Paley's Crisp Pan-Fried Lamb Tongue with Spicy Saffron Aioli

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From Vitaly Paley, Chef/Owner, Paley’s Place

Serves 6
Local sources of lamb tongue include Nicky USA and Cattail Creek Lamb.

1 cup Kosher salt
1/4 cup sugar
4 qt cold water
1 2-inch cinnamon stick
5 bay leaves
1/4 cup black peppercorns
6 whole lamb tongues

1/2 bottle dry white wine
1 qt cold water
1 large carrot, chopped coarsely
1 whole onion, peeled
1 whole clove
1 tsp salt
1/4 cup black peppercorns

3 large garlic cloves
1 tsp sea salt
Large pinch cayenne
Large pinch saffron threads
1 tsp Dijon mustard
3 egg yolks
1 tsp lemon juice
1 cup grapeseed oil
2 Tbsp extra-virgin olive oil
Freshly ground black pepper

1 cup all-purpose flour
2 Tbsp smoky Spanish paprika
Pinch of cayenne
1 tsp sea salt
12 grindings black pepper
3 whole eggs
1 cup fine bread crumbs
2 cup grapeseed oil

To make the brine, select a large pot, add all the ingredients, and bring the liquid to a rolling boil. Shut the heat off and allow the mixture to cool to room temperature. Transfer the tongues to the container in which they will refrigerate, pour the brine over the meat, cover, and refrigerate for 24 hours.

The next day, prepare the court bouillon for poaching the tongues. Add equal parts water and wine to a 3-quart pot, add carrot, onion, clove, salt and pepper, and bring the liquid to a boil. Simmer for about 30 minutes to develop flavor. Slip the brined tongues into the poaching liquid and simmer gently for two hours. Discard the brining liquid. When a knife inserts easily into the meat, remove the tongues to a cutting board. To reuse the poaching liquid, strain and refrigerate; it will hold for about a week.

Trim and clean the tongues of gristle, fat and bone while the meat is still warm. Use a small paring knife to separate the outer membrane to reveal the inner meat. Set them aside while you prepare the aioli.

Start the aioli by crushing the garlic with the back of a knife and remove the peel. Add the cloves to a mortar along with the salt. Using the pestle to press against the sides of the bowl, work the garlic for about a minute until it forms a glistening paste. Add the cayenne and saffron threads and continue mashing another minute until the saffron turns the mixture bright orange. Add the mustard, egg yolks, and lemon juice, and blend the ingredients for 30 seconds until smooth.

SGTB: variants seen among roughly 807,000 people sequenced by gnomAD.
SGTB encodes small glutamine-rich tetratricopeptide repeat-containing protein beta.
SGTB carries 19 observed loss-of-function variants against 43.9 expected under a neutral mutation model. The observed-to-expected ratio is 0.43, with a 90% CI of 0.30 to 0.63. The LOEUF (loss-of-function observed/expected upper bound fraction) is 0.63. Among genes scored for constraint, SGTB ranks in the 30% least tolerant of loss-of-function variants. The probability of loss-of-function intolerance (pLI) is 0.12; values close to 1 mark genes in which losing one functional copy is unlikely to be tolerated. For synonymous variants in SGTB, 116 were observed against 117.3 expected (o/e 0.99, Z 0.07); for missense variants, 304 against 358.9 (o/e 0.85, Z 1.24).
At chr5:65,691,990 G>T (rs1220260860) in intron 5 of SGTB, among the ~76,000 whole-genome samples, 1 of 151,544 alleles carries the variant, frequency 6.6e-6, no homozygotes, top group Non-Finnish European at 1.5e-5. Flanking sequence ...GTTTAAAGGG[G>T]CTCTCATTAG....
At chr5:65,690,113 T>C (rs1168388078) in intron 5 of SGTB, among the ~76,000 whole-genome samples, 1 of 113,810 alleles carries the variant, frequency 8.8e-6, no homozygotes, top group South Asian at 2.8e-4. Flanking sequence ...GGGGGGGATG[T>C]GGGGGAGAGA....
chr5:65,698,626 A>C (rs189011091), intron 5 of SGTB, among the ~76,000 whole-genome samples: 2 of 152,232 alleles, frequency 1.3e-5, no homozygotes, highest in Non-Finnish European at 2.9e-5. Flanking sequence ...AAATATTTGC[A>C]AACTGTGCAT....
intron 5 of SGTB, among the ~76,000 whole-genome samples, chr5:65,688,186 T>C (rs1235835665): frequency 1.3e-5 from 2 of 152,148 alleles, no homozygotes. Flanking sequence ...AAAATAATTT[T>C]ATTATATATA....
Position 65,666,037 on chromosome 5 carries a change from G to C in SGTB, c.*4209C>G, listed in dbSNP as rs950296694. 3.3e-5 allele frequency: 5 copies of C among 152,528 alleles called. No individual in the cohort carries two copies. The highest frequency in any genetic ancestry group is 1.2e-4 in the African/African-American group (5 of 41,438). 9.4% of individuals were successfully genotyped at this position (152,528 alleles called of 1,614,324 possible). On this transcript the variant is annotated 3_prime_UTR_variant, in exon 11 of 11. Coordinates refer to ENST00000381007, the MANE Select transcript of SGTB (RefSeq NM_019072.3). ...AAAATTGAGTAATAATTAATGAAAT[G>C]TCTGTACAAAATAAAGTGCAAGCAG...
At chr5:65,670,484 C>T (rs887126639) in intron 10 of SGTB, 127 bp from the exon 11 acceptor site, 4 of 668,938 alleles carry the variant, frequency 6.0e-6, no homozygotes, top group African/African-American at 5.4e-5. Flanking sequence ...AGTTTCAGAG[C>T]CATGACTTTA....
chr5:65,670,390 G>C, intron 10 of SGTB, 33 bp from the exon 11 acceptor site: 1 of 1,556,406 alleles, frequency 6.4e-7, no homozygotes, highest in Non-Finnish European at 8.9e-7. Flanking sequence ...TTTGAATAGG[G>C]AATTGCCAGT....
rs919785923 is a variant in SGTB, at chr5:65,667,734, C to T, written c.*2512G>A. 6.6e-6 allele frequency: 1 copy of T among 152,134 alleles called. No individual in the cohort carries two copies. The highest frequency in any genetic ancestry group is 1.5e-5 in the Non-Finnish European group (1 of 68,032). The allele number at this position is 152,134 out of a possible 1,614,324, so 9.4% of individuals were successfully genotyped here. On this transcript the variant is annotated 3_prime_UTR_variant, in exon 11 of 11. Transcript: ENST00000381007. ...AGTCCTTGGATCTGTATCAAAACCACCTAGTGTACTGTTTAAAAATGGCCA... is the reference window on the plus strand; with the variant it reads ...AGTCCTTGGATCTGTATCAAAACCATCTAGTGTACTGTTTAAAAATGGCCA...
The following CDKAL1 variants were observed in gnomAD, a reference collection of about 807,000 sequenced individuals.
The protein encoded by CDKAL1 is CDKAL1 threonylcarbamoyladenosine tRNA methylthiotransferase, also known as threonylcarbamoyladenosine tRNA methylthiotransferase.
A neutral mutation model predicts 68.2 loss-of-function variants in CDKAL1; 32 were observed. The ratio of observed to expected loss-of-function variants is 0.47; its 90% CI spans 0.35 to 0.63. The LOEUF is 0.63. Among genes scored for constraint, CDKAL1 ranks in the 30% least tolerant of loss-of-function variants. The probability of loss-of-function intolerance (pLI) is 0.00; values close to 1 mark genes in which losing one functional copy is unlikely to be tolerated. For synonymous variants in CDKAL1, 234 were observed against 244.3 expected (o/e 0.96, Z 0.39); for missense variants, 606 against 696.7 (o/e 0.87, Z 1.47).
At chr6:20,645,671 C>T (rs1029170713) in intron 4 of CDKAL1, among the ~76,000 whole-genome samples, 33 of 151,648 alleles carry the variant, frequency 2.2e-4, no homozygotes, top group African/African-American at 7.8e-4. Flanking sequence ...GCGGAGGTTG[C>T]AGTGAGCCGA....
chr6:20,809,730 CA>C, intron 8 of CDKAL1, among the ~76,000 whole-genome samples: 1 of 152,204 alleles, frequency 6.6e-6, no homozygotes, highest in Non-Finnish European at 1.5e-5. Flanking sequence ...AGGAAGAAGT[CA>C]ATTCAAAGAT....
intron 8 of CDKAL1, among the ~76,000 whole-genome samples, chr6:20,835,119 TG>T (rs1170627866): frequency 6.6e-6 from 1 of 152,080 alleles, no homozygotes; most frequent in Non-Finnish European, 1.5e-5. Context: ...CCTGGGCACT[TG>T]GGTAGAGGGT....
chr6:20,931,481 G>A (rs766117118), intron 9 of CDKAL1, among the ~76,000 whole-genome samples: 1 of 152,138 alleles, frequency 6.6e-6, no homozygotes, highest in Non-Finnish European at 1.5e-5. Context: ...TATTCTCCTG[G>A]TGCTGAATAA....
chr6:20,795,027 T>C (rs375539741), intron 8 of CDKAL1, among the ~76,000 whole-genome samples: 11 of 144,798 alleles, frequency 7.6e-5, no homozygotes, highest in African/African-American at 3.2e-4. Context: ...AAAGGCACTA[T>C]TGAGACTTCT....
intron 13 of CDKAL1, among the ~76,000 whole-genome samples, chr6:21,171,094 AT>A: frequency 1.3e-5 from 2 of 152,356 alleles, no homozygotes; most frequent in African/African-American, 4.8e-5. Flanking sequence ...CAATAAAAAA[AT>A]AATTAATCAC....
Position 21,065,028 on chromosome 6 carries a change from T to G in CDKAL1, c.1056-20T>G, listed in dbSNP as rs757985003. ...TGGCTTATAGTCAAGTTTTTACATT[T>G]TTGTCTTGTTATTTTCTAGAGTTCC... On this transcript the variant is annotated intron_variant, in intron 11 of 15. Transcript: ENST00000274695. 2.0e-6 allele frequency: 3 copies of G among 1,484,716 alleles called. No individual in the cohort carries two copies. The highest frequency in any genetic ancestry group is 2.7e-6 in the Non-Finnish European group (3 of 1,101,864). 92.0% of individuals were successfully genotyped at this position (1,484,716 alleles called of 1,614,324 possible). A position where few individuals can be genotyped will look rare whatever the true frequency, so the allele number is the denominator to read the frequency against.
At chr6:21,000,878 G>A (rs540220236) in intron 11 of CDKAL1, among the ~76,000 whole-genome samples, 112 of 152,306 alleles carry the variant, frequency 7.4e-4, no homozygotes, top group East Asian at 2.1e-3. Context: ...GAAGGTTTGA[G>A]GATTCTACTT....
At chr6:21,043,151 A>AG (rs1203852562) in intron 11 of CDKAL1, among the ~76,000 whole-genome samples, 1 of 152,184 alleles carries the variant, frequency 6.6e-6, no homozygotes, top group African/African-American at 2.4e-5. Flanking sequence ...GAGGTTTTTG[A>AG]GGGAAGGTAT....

Dribble a tablespoon of the grapeseed oil into the mortar with one hand while using the pestle in the other hand to fully incorporate the oil. This is where patience matters. Repeat, incorporating a second tablespoon until the mixture is homogenous, then once again with a third tablespoon. At this point, the emulsion should be ready to accept additional oil easily. Slowly drizzle in the remaining oil with the same swirling motion of the pestle to maintain the emulsion. Watch the surface of the mixture to see that the oil you’ve added is completely absorbed before adding more. When all the grapeseed oil is incorporated, add the extra-virgin olive oil in the same manner. Because salt can make the difference between flavor that is good and flavor that is great, stir in a pinch of salt, taste, and adjust if necessary.

To bread the tongues, arrange three small bowls side by side on the work surface. In the first bowl, sift together the flour, paprika, cayenne, salt, and pepper. Crack the eggs into the second bowl and beat them with a fork until frothy. Place the crumbs in the third bowl.

Pick up a tongue and dredge it evenly in the flour, then shake off the excess. Drop it into the egg bowl. Use the other hand to transfer it from the egg bowl to the crumb bowl. Once covered in crumbs, place the tongue on a wire rack. Repeat the breading process with the remaining pieces. To keep the flour and crumbs from clumping, use one hand for dry ingredients, the other for wet.

A 9-inch skillet should be large enough to hold all the tongues without crowding. Add 1/2 inch of oil and place the pan on high heat until the oil reaches 350 degrees. Lower the heat to medium-high, place the breaded tongues in the oil, and fry until they are uniformly golden, about 45 seconds to a minute. Turn the tongues, making sure the crumbs don’t burn. When the desired color is achieved, transfer the tongues to a plate lined with a paper towel and immediately season with a light sprinkling of sea salt.

Place one tongue on a cutting board and slice it on the diagonal into finger-thick slices. Arrange the slices on a plate, and serve immediately, accompanied by a small bowl of spicy saffron aioli.

2005 Soter, North Valley Rosé, Yamhill-Carlton District, Oregon
For the rich, gamy flavor of the tongue and the sweet, smoky flavor of aioli, I think this wine is spot on. The Soter Rosé has floral, red fruit characteristics (think raspberry/cranberry) to play off the tongue, low acid, and a hint of sweetness to complement the aioli. Easy drinking.

Printed with permission from the upcoming book, Paley’s Place Cookbook, by Vitaly and Kimberly Paley with Robert Reynolds (Ten Speed Press, Berkeley, CA). Available Fall 2008. Copyright © Vitaly and Kimberly Paley.

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